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Cooking Lesson Six: the Super Efficient Cooking Day!

How some time invested one afternoon can feed you for days.

I often find that I have very little time to spend on anything, much less in the kitchen. But I hate the idea of falling into the fast- and snack-food trap that gets so many people. So one of the things I've been working on over the past year or so is ways to have maximum good healthy home cooking with a minimum of time and effort, and my number one solution has been (fanfare) the Super Efficient Cooking Day! (Which is actually only an hour or two, but "day" sounds better...)

Some of these elements may not work for you, but the idea is still the same -- to spend a short but very organized amount of time in the kitchen which will cut hours of work from your week. Adapt as you like to the kind of foods you eat. What I end up with is: pre-cooked chicken which can be used about a zillion different ways; a load of clean, fresh, and prepped vegetable which can you can either snack on or use in dinners over the next several days; and a batch of hard-cooked eggs which are a great snack or ingredient as well.

In addition to everyday kitchen items (i.e. oven, timer, etc.) you will need a kitchen mallet; and either a jellyroll pan or a cookie pan that has a rim all the way around it.

Your shopping list:

a package of chicken breast, boneless (with or without rib meat is up to you; I go with)
eggs -- amount and type is your call
fresh vegetables, carrots and celery being the basics; plus whatever else you might like. I might go with carrots, celery, zucchini and mushrooms on a typical day.
optional: ingredients to make whatever dip (hopefully a healthy one) you like for your vegetables. I go for a low-fat sour cream or yogurt plus salad dressing mix (ranch is good).
additionally: whatever ingredients you'll need for tonight's dinner + however many meals ahead you want to shop for.

The Procedure: First, go ahead and preheat your oven to 350° or so (F) (my oven bites so I actually set it to 400°). Then get your eggs started -- put as many eggs as you want to cook into a pan that allows them to all fit in comfortably in a single layer, and cover with cold water (an inch above the eggs). You're going to bring them a boil over high heat, and immediately turn off the hear, cover and let sit for 20 minutes. Then transfer them to a bowl of cold water.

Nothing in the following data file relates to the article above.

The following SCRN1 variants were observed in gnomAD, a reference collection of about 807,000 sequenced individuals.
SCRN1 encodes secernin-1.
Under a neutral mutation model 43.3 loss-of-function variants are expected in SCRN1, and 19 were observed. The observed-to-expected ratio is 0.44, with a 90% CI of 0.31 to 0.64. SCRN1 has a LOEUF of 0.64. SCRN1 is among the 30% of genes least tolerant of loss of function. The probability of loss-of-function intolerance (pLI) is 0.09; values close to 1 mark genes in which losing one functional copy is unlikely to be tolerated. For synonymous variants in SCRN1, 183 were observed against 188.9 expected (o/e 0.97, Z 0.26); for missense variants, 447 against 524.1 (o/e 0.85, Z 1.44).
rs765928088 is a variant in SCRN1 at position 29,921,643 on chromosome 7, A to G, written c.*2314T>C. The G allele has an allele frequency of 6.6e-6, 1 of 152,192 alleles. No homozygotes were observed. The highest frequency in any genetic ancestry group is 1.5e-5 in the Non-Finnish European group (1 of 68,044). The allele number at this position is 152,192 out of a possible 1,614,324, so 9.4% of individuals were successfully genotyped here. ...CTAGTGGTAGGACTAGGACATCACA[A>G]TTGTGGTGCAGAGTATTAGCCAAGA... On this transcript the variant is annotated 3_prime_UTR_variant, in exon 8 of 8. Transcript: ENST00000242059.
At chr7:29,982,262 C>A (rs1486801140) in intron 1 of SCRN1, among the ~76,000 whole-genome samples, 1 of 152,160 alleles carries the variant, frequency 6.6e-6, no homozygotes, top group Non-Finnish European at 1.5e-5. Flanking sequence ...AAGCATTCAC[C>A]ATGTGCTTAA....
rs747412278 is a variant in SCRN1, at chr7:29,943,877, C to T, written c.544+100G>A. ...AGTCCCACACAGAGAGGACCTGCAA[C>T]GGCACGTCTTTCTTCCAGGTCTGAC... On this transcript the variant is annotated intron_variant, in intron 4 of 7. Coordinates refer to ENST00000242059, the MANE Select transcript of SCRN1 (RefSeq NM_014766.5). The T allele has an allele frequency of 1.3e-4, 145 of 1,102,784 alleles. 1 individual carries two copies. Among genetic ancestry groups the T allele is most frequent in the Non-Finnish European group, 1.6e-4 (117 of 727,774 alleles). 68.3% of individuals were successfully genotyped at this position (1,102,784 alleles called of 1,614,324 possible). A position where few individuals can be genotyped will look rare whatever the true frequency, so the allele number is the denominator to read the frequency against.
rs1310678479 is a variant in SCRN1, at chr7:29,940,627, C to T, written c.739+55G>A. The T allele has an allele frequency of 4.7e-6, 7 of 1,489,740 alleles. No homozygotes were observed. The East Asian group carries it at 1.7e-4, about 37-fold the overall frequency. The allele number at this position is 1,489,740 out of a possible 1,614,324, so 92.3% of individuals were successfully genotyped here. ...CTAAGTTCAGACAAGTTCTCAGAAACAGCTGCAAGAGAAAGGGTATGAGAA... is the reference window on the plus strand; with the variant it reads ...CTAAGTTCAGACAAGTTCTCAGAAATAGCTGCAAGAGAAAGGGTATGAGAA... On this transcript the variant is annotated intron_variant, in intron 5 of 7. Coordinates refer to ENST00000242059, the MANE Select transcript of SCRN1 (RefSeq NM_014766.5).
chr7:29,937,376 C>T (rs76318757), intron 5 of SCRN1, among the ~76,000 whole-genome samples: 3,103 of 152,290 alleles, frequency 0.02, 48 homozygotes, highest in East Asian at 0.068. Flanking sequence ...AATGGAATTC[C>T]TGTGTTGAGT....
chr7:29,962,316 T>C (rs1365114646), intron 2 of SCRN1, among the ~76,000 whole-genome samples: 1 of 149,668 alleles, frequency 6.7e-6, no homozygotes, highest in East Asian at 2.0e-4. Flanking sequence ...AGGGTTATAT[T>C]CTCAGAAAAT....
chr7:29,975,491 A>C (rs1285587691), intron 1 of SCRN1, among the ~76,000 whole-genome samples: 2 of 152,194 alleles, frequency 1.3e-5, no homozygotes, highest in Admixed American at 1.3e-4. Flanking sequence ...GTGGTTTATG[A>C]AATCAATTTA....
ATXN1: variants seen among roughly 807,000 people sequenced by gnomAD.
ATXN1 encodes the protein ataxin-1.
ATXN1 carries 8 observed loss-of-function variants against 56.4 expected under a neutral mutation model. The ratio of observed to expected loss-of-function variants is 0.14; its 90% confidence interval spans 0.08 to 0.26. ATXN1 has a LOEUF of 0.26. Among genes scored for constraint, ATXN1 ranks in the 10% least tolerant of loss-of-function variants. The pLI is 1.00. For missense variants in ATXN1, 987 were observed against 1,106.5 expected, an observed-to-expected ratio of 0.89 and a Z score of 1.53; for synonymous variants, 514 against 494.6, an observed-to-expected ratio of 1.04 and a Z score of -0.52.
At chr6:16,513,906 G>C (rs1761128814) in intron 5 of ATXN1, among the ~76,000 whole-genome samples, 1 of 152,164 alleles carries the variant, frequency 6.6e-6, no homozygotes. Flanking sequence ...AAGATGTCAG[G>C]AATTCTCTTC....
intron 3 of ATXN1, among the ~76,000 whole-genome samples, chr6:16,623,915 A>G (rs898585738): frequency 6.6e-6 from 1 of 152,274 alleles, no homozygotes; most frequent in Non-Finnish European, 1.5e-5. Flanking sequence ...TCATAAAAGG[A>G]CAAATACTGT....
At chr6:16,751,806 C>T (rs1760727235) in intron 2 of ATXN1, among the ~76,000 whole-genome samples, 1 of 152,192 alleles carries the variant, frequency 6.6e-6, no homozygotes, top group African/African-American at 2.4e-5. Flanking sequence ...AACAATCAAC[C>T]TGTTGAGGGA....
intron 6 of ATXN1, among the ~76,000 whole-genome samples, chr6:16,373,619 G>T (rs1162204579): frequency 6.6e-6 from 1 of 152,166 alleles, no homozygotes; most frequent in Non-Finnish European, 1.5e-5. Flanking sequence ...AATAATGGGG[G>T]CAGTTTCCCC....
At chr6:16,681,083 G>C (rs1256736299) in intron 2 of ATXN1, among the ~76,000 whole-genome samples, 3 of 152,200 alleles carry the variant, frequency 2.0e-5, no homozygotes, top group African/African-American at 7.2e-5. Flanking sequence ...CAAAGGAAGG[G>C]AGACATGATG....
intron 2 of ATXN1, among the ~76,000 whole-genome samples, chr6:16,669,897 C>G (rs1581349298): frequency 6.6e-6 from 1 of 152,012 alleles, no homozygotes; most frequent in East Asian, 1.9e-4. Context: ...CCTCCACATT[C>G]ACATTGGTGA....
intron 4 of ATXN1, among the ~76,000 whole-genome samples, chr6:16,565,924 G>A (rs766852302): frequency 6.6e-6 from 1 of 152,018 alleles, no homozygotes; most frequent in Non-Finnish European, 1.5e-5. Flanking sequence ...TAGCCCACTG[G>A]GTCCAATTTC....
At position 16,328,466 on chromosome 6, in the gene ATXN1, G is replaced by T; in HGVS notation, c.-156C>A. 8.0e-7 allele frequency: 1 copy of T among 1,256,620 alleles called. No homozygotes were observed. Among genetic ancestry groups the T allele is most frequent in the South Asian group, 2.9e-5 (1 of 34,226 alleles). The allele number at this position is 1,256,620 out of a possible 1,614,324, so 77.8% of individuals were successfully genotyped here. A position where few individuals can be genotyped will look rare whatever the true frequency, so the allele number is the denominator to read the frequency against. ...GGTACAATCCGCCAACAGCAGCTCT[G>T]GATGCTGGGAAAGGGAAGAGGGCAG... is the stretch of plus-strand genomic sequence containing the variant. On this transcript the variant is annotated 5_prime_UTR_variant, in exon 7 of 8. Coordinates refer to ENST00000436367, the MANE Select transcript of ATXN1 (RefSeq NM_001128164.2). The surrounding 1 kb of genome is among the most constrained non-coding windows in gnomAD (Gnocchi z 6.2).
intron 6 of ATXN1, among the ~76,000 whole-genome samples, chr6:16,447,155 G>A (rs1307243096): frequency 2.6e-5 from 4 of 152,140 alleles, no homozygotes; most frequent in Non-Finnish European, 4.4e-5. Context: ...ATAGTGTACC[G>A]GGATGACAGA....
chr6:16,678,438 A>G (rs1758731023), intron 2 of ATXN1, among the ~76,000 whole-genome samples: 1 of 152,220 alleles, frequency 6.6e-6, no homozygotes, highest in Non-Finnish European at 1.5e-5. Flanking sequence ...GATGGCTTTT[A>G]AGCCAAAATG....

Next, we deal with the chicken. While you're waiting for the eggs to boil, get out your baking pan (line it with foil if you want easier cleanup), and give it a very light coating of vegetable oil. Take your chicken (using a large cutting board rather than the counter is a good idea here) and separate each portion. (At some point in here you'll be turning the heat off -- set a timer so you don't let the eggs sit too long.) Some pieces may be too large for one serving, just cut these in half. If you end up with some irregular pieces, don't worry, just plan on using those for stir-fry or something else where you'll be cutting up the chicken. Using your mallet (the smooth side), pound each piece to an even thickness of about ½". Lay the pieces on the pan so they don't touch -- you can optionally season the chicken at this point, depending on what you plan to do with it later. Some salt and pepper will be fine for almost anything though. Put the chicken in the oven and clean up your raw chickeny mess. (And if you aren't done before you handle the eggs -- wash those hands!) How long the chicken will take depends on your oven and the quantity of chicken. Just check on it every 5 minutes or so. (If you plan to use it without any further cooking, make sure it's well-done before taking it out -- if you'll be using in cooked dishes slightly underdone is okay. Just make sure it's cooked thoroughly the second time around.) Note: once we started buying larger packages of chicken at Costco, I still cut up and flatten all the chicken, but I separate all but a couple day's worth into dinner-size portions, wrap and freeze.)

Now, that your chicken is roasting and your eggs are cooling, it's time for the vegetables. Wash up your cutting board (or get out a clean one) and chop and slice away! I like to fill a bunch of Ziploc Containers (I like the "short square" ones) with cleaned, cut-up vegetables to grab and eat out of the fridge, and since I'm cleaning and chopping anyway, I will also chop up whatever vegetables I need for the next couple days at the same time (sliced mushrooms or zucchini, chopped peppers or onion, you name it).

At this point your chicken should be done -- and you should have a nice stack of containers full of ready-to-use-and-eat veggies, and a bowl full of eggs ready to put away. This is a rewarding moment. Store the chicken and veggies in the fridge, and either peel or store the eggs as they are. (Either way, they'll keep about a week. My method is to peel them and then store in a lightly salted water bath.)

But what to do with all this food?

Make a batch of whatever you like to eat raw vegetables with best and snack on them instead of junk.
Snack on the eggs, make egg salad, deviled eggs, or whatever you like best.
Use the chicken and vegetables in super-quick and easy dinners for the next couple days.
Make quick sandwiches from pieces of the chicken.
And after a couple of days (and before any of it goes bad) all of the vegetables and chicken you haven't yet used can find their way into a big stir-fry or soup! (Chicken shouldn't really be kept for more than about 3 days at most -- if you don't think you'll use it all, freeze it and use it later.)

Obviously, you may want a completely different set of prepped food at the finish, but the idea is the same, and the time saved will be the same too. As always, adapt to your own preferences!

Whew! Now make yourself some tea and take a break!


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